There are also cards where the points will vary from category-to-category on a monthly or quarterly basis, and this can get complicated. As with any contract, whether with a credit card company or others, always remember that the big print giveth, the little print taketh away. Our recommendation is to fully understand the terms and restrictions before signing up for a credit card. 

Aside from day-to-day expenditures, you may be able to earn points for:

  • Sign-up bonuses. Some companies offer a set number of points just for signing up for the card. Others will give you bonus points once you spend a certain amount after opening your card.
  • Getting your friend to open an account. Referrals are a common way to earn extra points.
  • Card milestones. Sometimes it pays to find the right loyalty program. You may be able to earn points just for having the card for a certain period of time.

Your points will continue to accumulate until you are ready to use them, as long as they don’t expire. Typically, to redeem your points, you will log onto your online account and navigate the rewards webpage. From there, your credit card company will outline your redemption options so you can claim what you earned!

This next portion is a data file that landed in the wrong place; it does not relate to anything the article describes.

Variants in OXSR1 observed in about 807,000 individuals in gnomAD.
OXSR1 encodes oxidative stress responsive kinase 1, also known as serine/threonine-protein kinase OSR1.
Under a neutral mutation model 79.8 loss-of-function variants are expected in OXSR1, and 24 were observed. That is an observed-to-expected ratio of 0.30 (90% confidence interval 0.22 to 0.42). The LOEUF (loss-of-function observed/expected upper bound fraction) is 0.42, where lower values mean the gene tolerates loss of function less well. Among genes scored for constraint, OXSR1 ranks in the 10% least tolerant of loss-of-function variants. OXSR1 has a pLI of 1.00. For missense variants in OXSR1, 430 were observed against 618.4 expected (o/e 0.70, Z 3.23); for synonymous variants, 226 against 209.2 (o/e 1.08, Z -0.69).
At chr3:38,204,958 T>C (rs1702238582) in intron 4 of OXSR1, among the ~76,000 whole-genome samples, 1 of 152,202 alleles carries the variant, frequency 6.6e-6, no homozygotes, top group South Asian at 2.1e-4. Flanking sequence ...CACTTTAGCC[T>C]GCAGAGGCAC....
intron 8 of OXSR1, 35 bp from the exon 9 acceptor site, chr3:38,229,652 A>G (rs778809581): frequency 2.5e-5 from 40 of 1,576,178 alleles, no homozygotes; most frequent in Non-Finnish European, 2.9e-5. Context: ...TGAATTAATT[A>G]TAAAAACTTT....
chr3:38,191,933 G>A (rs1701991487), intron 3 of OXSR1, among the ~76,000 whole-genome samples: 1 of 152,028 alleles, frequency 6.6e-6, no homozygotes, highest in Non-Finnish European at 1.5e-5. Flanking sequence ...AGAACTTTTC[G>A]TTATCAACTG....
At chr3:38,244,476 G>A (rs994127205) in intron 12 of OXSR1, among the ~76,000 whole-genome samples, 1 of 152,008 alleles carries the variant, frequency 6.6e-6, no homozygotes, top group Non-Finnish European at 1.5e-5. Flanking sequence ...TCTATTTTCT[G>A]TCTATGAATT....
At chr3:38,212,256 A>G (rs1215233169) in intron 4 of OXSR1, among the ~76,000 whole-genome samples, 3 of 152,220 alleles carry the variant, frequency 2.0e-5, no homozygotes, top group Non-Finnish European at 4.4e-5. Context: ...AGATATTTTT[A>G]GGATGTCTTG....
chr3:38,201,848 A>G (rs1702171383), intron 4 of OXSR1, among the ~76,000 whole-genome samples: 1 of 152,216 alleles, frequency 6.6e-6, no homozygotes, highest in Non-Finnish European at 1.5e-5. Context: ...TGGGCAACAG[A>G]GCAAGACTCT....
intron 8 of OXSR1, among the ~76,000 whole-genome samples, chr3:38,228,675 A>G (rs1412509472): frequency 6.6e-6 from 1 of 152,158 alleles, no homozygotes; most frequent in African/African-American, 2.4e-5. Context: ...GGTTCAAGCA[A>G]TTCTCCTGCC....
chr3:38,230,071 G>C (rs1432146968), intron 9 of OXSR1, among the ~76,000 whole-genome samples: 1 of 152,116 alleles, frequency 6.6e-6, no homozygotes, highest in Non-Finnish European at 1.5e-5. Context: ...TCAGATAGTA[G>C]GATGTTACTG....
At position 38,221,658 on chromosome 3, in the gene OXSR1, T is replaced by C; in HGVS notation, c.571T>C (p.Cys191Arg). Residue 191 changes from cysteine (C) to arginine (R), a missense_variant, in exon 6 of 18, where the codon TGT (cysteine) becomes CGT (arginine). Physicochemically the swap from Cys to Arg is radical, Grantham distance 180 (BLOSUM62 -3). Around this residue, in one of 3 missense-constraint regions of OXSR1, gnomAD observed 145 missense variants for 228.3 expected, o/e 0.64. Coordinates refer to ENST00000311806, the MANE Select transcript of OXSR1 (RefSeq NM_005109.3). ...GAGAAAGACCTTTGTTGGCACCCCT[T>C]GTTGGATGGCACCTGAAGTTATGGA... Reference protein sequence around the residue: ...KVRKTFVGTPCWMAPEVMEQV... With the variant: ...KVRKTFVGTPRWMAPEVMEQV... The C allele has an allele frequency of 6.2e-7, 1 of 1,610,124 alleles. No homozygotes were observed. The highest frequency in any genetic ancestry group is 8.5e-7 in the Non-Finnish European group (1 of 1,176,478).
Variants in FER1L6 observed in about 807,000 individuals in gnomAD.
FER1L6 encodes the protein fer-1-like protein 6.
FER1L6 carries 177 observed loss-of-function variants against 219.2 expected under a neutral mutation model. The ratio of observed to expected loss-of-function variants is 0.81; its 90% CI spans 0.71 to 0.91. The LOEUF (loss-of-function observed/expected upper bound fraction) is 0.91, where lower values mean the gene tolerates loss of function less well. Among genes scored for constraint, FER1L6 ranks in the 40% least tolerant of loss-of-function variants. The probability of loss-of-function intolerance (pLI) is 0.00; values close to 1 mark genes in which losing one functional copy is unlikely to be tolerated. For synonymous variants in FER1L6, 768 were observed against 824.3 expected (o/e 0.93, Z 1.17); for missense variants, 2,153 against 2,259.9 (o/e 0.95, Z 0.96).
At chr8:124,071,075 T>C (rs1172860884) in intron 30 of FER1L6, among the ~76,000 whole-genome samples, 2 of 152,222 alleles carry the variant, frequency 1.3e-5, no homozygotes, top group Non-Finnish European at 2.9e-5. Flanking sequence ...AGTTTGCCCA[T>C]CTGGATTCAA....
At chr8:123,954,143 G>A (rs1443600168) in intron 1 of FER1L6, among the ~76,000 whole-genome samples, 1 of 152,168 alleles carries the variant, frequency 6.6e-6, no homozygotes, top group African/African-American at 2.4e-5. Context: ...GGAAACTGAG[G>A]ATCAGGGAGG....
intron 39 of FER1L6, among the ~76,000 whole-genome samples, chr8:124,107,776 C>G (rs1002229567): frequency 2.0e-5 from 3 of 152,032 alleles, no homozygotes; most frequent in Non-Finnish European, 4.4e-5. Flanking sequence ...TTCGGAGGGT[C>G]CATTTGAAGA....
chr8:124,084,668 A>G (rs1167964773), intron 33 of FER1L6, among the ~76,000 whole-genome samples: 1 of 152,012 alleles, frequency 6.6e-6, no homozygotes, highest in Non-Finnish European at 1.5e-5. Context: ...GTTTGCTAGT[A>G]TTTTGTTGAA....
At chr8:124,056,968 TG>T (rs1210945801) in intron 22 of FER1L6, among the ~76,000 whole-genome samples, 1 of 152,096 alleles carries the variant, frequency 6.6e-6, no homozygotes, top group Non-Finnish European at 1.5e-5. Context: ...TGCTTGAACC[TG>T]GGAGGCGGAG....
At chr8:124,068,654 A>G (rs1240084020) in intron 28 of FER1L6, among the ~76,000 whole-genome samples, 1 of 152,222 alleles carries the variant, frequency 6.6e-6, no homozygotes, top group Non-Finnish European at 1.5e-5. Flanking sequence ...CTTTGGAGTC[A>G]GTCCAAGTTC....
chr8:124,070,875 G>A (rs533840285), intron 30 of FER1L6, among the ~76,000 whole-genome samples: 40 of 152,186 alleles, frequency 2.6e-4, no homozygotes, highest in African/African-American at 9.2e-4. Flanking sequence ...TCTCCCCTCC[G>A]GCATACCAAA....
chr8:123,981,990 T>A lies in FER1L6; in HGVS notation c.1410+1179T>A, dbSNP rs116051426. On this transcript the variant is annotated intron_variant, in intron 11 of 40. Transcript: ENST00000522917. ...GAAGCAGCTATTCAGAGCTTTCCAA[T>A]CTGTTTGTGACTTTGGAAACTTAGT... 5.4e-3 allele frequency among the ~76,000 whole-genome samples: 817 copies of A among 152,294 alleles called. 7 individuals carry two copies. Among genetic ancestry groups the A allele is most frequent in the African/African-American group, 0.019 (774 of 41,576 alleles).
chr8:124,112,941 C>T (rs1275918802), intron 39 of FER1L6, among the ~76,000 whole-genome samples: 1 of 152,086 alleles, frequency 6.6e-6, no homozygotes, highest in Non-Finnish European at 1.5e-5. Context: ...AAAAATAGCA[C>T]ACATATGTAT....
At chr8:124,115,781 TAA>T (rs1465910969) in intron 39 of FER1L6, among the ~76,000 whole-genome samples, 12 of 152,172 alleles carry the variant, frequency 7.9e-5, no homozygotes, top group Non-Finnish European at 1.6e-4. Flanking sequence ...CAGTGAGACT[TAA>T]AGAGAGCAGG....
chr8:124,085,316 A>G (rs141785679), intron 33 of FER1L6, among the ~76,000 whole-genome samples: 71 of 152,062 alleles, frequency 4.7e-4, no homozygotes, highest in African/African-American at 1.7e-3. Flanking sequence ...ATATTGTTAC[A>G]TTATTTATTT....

Finding the Best Points Credit Card

The key to finding the best points credit card is finding one that offers rewards that work for you. You’ll find that across credit card companies, cards will vary on: 

Points per dollar

As we talked about earlier, the amount of points per dollar you earn isn’t the same across all credit cards. Be mindful of introductory offers— though they may promise more points upfront, you may lose out in the long run.  Pay close attention to the interest rate after the introductory period expires. These can be excessive as compared to a non-rewards card.

Point caps